Sunday, May 31, 2015

A water pump for rain barrels

I like rain barrels.  I've written about several projects that I've done with them.  One of the issues that I have had is moving the water.  All of my rain barrels are plumbed together.  I can transfer water between them by turning valves and letting gravity do the rest.  This takes a long time.  I'm also only able to transfer water down hill.  The 5 barrels I have in my front yard are at the same level, but my barrels in the back yard are lower.

I decided that it was finally time to get a pump.  I've looked at several types but finally decided on an RV pump.  It's the Shurflow 4008-171-E65.  I decided on this pump for a few reasons.  It has a pressure switch built in and shuts off automatically when it reaches 55 PSI.  The other big reason is that it can be run dry.  It can suck a barrel empty and not be harmed.  It's also thermally protected and shuts itself off if it gets too hot. 

There are a few downsides.  It didn't come with a plug.  I had to pick up an appliance cord at Home Depot.  Also, there's no ON/OFF switch.  I haven't found that to be a big deal, but I thought I'd mention it.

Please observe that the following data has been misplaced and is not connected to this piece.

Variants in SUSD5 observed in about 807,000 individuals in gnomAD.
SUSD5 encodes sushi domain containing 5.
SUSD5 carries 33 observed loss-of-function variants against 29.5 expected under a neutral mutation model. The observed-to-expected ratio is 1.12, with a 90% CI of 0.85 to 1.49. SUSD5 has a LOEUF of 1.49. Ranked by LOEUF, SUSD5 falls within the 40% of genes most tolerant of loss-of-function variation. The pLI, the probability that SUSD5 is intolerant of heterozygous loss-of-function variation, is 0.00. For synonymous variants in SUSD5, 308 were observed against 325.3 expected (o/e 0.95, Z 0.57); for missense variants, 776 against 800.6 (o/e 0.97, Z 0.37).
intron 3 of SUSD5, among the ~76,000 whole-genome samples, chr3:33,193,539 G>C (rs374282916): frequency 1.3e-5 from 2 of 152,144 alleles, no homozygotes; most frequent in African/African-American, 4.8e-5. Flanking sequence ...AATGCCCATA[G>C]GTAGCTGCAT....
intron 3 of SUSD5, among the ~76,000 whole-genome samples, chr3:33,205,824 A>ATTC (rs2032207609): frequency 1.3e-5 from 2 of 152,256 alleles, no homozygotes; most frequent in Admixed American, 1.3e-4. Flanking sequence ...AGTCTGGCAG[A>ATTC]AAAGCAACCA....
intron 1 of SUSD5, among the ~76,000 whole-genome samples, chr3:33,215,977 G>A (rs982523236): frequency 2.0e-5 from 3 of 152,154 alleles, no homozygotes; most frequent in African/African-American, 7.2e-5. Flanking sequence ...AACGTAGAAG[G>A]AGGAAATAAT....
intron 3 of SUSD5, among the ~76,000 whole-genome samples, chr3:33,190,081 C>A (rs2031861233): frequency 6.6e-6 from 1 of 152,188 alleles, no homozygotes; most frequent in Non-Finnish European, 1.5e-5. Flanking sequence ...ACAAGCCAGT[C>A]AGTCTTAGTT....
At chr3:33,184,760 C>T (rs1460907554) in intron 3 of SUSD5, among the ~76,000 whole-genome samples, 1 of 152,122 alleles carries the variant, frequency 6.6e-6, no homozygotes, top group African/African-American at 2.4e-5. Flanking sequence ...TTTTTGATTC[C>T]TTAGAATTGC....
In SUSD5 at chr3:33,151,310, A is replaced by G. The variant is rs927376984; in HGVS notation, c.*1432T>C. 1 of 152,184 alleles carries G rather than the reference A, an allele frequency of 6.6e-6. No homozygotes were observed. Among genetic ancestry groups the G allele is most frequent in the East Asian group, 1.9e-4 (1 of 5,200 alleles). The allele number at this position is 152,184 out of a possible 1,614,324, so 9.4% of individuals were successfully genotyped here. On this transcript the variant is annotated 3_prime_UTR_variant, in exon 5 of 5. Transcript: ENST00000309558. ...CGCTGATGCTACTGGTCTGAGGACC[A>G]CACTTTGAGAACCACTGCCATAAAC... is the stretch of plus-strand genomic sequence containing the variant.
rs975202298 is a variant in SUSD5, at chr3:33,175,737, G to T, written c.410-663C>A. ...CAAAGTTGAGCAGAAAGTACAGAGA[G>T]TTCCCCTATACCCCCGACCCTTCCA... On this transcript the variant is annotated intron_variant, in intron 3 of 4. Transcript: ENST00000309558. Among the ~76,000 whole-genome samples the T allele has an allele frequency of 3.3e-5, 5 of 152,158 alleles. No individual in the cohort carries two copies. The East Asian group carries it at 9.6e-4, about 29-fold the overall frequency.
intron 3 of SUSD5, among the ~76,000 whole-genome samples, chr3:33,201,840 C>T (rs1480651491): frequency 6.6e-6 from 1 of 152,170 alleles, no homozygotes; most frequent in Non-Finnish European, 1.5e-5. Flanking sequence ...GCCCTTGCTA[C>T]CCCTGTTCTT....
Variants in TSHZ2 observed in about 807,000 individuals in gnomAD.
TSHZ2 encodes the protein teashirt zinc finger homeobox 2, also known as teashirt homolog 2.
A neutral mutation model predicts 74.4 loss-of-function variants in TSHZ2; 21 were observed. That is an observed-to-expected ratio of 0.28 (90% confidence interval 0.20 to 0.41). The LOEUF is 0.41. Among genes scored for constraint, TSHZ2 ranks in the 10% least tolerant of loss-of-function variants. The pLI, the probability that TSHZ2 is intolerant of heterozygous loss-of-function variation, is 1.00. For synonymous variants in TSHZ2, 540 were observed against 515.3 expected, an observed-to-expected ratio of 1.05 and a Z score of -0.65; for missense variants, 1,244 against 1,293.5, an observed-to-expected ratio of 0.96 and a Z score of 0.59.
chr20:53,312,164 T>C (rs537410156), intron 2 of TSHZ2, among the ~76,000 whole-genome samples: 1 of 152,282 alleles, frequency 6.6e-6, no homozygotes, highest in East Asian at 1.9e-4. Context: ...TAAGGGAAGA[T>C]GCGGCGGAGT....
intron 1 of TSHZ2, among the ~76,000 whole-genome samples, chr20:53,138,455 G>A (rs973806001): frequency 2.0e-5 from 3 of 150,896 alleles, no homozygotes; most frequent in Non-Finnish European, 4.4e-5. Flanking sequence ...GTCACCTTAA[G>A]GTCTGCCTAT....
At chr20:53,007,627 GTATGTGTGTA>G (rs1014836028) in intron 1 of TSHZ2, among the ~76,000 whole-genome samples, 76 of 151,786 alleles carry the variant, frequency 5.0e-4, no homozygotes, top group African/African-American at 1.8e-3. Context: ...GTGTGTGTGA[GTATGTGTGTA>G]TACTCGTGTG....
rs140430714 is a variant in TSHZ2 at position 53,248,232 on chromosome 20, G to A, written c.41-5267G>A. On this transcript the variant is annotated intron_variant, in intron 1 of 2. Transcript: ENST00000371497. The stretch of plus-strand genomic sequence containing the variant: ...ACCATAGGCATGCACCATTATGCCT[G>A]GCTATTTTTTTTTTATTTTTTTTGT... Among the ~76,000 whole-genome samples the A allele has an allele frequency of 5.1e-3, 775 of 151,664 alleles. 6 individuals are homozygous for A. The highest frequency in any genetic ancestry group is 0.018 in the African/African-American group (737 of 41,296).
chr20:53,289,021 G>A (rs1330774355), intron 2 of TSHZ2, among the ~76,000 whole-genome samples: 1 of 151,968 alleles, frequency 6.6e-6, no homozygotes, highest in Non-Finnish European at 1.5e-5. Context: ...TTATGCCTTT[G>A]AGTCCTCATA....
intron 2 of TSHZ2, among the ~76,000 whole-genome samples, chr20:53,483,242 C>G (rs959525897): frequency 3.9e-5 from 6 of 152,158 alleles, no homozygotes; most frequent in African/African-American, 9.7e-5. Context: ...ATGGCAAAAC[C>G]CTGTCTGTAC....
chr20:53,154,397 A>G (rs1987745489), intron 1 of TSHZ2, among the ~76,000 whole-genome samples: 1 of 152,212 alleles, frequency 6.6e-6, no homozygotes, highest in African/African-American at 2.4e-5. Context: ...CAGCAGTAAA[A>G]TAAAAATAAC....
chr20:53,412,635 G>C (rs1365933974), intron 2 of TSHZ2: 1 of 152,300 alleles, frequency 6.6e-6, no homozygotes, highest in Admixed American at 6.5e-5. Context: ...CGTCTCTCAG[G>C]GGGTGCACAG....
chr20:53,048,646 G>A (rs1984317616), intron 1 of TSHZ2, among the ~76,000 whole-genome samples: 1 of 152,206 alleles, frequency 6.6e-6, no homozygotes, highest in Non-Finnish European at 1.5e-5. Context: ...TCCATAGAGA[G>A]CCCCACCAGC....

Below are the supplies I needed to get the thing ready to go.  A power cord, 1/2 PVC pipe fittings to go from pipe threads to hose threads, and a strainer to catch debris that might otherwise enter the pump.
Wiring the connections was pretty straight forward. 
The pump has male pipe threads.  I couldn't find a 1/2" FPT to MHT fitting so I had to make one from a 1/2" FPT to slip fitting and a slip to MHT fitting.  Normally I don't glue my fittings, but I did for this since it is under pressure.
The next step was to connect to one of the rain barrels in the back yard. 
I ran a hose from the output of the pump to one of the barrels in the front yard using a brass FHTxFHT fitting.
Success!  The pump moved water from the back yard to the front yard.
Next I connected the output of the pump to the manifold on the hose bib at the back of the house.  I turned off the house water.  The house water is 80 PSI.  I'm no expert, but I don't want that kind of pressure running through the pump backwards.  I can't imagine that would be good.

With this setup I was able to verify that the pump does shutoff when high enough pressure is reached.  It's supposed to shut off at 55 PSI, but my gauge looked like it was closer to 48 PSI.  Who knows, maybe the gauge isn't right.  I'm not going to worry about it. 
I connected the input side of the pump to the nearest rain barrel.
I turned the valve on manifold for the sprinkler.  It worked.  I'm able to water my grass with rain water!
I think this is just the beginning.  I have a lot of ideas for projects involving this pump.

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